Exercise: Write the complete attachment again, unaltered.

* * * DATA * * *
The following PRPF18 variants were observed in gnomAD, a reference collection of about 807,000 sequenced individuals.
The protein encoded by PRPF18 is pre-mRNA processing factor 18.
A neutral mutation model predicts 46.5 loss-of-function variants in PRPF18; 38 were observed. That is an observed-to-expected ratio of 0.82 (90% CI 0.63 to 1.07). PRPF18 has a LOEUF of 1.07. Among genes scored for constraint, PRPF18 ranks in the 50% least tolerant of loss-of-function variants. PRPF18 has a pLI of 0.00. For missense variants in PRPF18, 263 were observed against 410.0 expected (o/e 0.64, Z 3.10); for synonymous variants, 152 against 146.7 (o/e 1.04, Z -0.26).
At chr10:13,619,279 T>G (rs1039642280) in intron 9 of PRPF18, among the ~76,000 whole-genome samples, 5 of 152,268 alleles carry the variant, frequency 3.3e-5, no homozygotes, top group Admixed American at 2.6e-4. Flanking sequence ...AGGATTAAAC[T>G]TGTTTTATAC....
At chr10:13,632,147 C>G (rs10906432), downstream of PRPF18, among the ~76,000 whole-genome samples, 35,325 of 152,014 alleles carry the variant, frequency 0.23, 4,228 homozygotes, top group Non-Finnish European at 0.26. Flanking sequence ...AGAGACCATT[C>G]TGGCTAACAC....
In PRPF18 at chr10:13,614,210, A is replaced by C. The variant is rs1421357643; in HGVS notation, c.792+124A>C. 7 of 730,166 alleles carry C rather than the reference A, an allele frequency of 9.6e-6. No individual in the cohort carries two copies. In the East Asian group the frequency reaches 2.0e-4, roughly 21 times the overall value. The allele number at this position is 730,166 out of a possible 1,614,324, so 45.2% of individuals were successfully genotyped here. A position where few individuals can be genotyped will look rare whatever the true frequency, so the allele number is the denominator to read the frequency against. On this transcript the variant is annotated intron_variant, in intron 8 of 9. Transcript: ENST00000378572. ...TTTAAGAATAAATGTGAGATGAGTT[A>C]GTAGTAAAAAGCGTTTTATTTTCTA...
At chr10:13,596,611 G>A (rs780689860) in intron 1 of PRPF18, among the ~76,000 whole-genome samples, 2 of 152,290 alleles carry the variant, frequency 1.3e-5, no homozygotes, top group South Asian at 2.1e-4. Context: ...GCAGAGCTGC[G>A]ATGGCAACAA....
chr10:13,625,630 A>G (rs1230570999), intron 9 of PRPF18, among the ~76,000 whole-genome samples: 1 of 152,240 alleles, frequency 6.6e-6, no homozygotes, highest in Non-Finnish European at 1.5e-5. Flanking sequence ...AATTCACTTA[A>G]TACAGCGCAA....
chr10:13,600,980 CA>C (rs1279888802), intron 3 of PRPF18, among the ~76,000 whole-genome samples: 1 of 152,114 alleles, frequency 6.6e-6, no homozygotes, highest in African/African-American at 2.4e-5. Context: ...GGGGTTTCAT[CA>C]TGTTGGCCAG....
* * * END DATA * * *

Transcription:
The following PRPF18 variants were observed in gnomAD, a reference collection of about 807,000 sequenced individuals.
The protein encoded by PRPF18 is pre-mRNA processing factor 18.
A neutral mutation model predicts 46.5 loss-of-function variants in PRPF18; 38 were observed. That is an observed-to-expected ratio of 0.82 (90% CI 0.63 to 1.07). PRPF18 has a LOEUF of 1.07. Among genes scored for constraint, PRPF18 ranks in the 50% least tolerant of loss-of-function variants. PRPF18 has a pLI of 0.00. For missense variants in PRPF18, 263 were observed against 410.0 expected (o/e 0.64, Z 3.10); for synonymous variants, 152 against 146.7 (o/e 1.04, Z -0.26).
At chr10:13,619,279 T>G (rs1039642280) in intron 9 of PRPF18, among the ~76,000 whole-genome samples, 5 of 152,268 alleles carry the variant, frequency 3.3e-5, no homozygotes, top group Admixed American at 2.6e-4. Flanking sequence ...AGGATTAAAC[T>G]TGTTTTATAC....
At chr10:13,632,147 C>G (rs10906432), downstream of PRPF18, among the ~76,000 whole-genome samples, 35,325 of 152,014 alleles carry the variant, frequency 0.23, 4,228 homozygotes, top group Non-Finnish European at 0.26. Flanking sequence ...AGAGACCATT[C>G]TGGCTAACAC....
In PRPF18 at chr10:13,614,210, A is replaced by C. The variant is rs1421357643; in HGVS notation, c.792+124A>C. 7 of 730,166 alleles carry C rather than the reference A, an allele frequency of 9.6e-6. No individual in the cohort carries two copies. In the East Asian group the frequency reaches 2.0e-4, roughly 21 times the overall value. The allele number at this position is 730,166 out of a possible 1,614,324, so 45.2% of individuals were successfully genotyped here. A position where few individuals can be genotyped will look rare whatever the true frequency, so the allele number is the denominator to read the frequency against. On this transcript the variant is annotated intron_variant, in intron 8 of 9. Transcript: ENST00000378572. ...TTTAAGAATAAATGTGAGATGAGTT[A>C]GTAGTAAAAAGCGTTTTATTTTCTA...
At chr10:13,596,611 G>A (rs780689860) in intron 1 of PRPF18, among the ~76,000 whole-genome samples, 2 of 152,290 alleles carry the variant, frequency 1.3e-5, no homozygotes, top group South Asian at 2.1e-4. Context: ...GCAGAGCTGC[G>A]ATGGCAACAA....
chr10:13,625,630 A>G (rs1230570999), intron 9 of PRPF18, among the ~76,000 whole-genome samples: 1 of 152,240 alleles, frequency 6.6e-6, no homozygotes, highest in Non-Finnish European at 1.5e-5. Flanking sequence ...AATTCACTTA[A>G]TACAGCGCAA....
chr10:13,600,980 CA>C (rs1279888802), intron 3 of PRPF18, among the ~76,000 whole-genome samples: 1 of 152,114 alleles, frequency 6.6e-6, no homozygotes, highest in African/African-American at 2.4e-5. Context: ...GGGGTTTCAT[CA>C]TGTTGGCCAG....